Aspirin is 2nd most effective action for cancer prevention. 6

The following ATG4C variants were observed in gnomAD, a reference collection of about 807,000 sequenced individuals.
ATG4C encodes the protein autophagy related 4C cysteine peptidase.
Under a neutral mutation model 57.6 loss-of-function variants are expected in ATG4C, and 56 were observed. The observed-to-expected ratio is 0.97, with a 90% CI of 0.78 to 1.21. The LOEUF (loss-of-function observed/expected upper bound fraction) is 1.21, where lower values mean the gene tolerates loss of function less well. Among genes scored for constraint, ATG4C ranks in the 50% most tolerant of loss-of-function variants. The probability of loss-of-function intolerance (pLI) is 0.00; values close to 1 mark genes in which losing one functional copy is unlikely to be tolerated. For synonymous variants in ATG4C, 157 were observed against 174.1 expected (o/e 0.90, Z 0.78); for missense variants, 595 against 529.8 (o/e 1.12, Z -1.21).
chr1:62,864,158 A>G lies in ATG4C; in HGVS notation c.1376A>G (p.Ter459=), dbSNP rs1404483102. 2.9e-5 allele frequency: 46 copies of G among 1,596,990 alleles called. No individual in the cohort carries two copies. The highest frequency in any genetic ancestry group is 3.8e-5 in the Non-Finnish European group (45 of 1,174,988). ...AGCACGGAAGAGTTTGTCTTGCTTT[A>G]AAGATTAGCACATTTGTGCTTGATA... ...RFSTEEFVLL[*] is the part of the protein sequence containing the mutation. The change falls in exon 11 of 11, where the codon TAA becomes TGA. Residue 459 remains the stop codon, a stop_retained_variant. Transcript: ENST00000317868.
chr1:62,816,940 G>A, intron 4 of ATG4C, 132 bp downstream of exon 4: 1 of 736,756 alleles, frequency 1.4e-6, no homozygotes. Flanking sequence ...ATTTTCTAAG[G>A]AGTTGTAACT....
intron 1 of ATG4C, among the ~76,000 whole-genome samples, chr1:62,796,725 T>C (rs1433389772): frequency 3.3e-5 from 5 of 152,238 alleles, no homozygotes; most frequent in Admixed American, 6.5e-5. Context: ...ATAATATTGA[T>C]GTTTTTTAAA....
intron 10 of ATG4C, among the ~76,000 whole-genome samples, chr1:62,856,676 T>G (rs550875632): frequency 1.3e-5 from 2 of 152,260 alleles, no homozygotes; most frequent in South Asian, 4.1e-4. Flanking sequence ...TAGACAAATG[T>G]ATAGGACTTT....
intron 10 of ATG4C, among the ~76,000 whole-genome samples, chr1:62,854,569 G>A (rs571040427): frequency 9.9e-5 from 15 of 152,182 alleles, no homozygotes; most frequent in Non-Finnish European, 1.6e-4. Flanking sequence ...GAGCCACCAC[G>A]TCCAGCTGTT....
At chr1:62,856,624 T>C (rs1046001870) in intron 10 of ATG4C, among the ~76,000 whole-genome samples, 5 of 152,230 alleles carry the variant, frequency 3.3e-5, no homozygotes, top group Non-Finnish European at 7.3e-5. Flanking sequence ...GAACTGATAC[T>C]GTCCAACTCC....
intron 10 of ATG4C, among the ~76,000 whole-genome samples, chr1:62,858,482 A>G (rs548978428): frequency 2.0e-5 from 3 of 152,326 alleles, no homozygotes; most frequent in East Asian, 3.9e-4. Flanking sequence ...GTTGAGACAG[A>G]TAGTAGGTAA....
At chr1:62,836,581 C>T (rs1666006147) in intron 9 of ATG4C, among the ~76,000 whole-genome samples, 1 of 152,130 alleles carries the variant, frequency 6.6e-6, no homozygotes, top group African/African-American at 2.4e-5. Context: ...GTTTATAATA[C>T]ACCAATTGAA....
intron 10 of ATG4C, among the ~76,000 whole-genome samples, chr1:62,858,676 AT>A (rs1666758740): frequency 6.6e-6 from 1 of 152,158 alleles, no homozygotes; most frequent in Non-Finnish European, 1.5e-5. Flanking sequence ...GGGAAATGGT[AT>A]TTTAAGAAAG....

Let’s discuss the prevention of cancer. Prevention of cancer is the topic of your lifelong research interests. Dr. Anton Titov, MD. There is a lot of information about the nutrition and lifestyle modifications to prevent cancer. We learn every day how the interplay of nature and nurture affects cancer risks. But chemoprevention is also potentially important. Chemoprevention means the use of pharmaceuticals in cancer prevention. Dr. Anton Titov, MD. One of the widely available medications is Aspirin. You have shown that Aspirin has a preventive role for several cancers. Dr. Anton Titov, MD. What is the role of Aspirin in a prevention of cancers? Which cancers are likely to be prevented by Aspirin? Dr. Jack Cuzick, PhD. Yes, I must say I am very excited about the role of Aspirin in prevention of cancer. Because Aspirin (acetylsalicylic acid) can prevent a range of cancers. There is clear evidence that Aspirin produces about a one-third [30%] reduction in colorectal cancer, stomach cancer and esophageal cancer. There is less clear evidence of smaller reduction of breast cancer, prostate cancer, and lung cancer. The prevention effect is about 10% for these cancers. The evidence for cancer-preventive effect of Aspirin is consistent. Dr. Jack Cuzick, PhD. We still have to do more research on the use of aspirin in a prevention of breast cancer, prostate cancer, and lung cancer. But effects of aspirin on the other three cancers are very clear. We did a risk assessments of cancer. We looked at the risks and benefits of Aspirin in cancer prevention. We were surprised to find the following fact. If you want to prevent cancer, everybody knows that the most important thing to do is to stop smoking. But, in fact, numerically, the second most important thing you can do to prevent cancer is to take a small “baby” Aspirin. Aspirin dose is 81 mg or 100 mg per day. That is a low-dose Aspirin. You can take aspirin for 5 to 10 years. You can take acetylsalicylic acid between age 50 to 65. So we are very excited to promote the idea of using aspirin for cancer prevention. It’s something that is not widely done. Aspirin is an interesting medication. Because we got our first hints about breast cancer prevention in this way. We looked at contralateral tumors in the other breast. You treat patients with breast cancer hormonal medications to prevent recurrence of their primary breast tumor. Breast is a unique organ. There are two breasts. So you can look at a medication’s cancer-preventive effect on the other organ. Similar effects happened with Aspirin. It was not quite the same effects as in tamoxifen. But aspirin had been used a lot to prevent cardiovascular disease. Dr. Jack Cuzick, PhD. There are many clinical trials of low-dose Aspirin to prevent cardiovascular disease. Long-term follow up in these clinical trials showed a very strong evidence. Aspirin makes a strong impact on prevention of cancer. This is a reason it took so long to discover the rope of aspirin in prevention of cancer. It was because not much happens in the first 3 to 5 years after you start taking Aspirin. You don’t prevent cancers in the first 3 to 5 years of aspirin use. But after that you get these very big effects on prevention of colorectal cancer, prevention of stomach cancer, prevention of esophageal cancer. Dr. Anton Titov, MD. There is a 30% reduction in stomach cancer, esophageal cancer, and colorectal cancer. All these three cancers are often discovered late in the course of disease. Late diagnosis of colorectal cancer, esophageal cancer and stomach cancer is a major problem in their treatment. But you can take a one small baby Aspirin, 81 mg or 100 mg or 75 mg enteric-coated pills. You can reduce the risk of those cancers by 30%. Dr. Anton Titov, MD. This is an extremely dramatic effect of cancer prevention! I must say I am very excited about it. Dr. Jack Cuzick, PhD. I think aspirin is a medication for cancer prevention that we really have to take very seriously. The cardiologists understood the power of disease prevention a long time ago. Imagine that you go to your cardiologist. The doctor tells you this. “You have high blood pressure. Come back in a year and we will see if you’ve got a heart attack!”. You would not be very pleased. Dr. Anton Titov, MD. Cardiologists identify high-risk individuals. They prescribe a preventive pharmaceutical therapy for patients at high risk of heart attack. Тhe challenge is to bring that idea into cancer prevention. Aspirin is where we can begin to do that.
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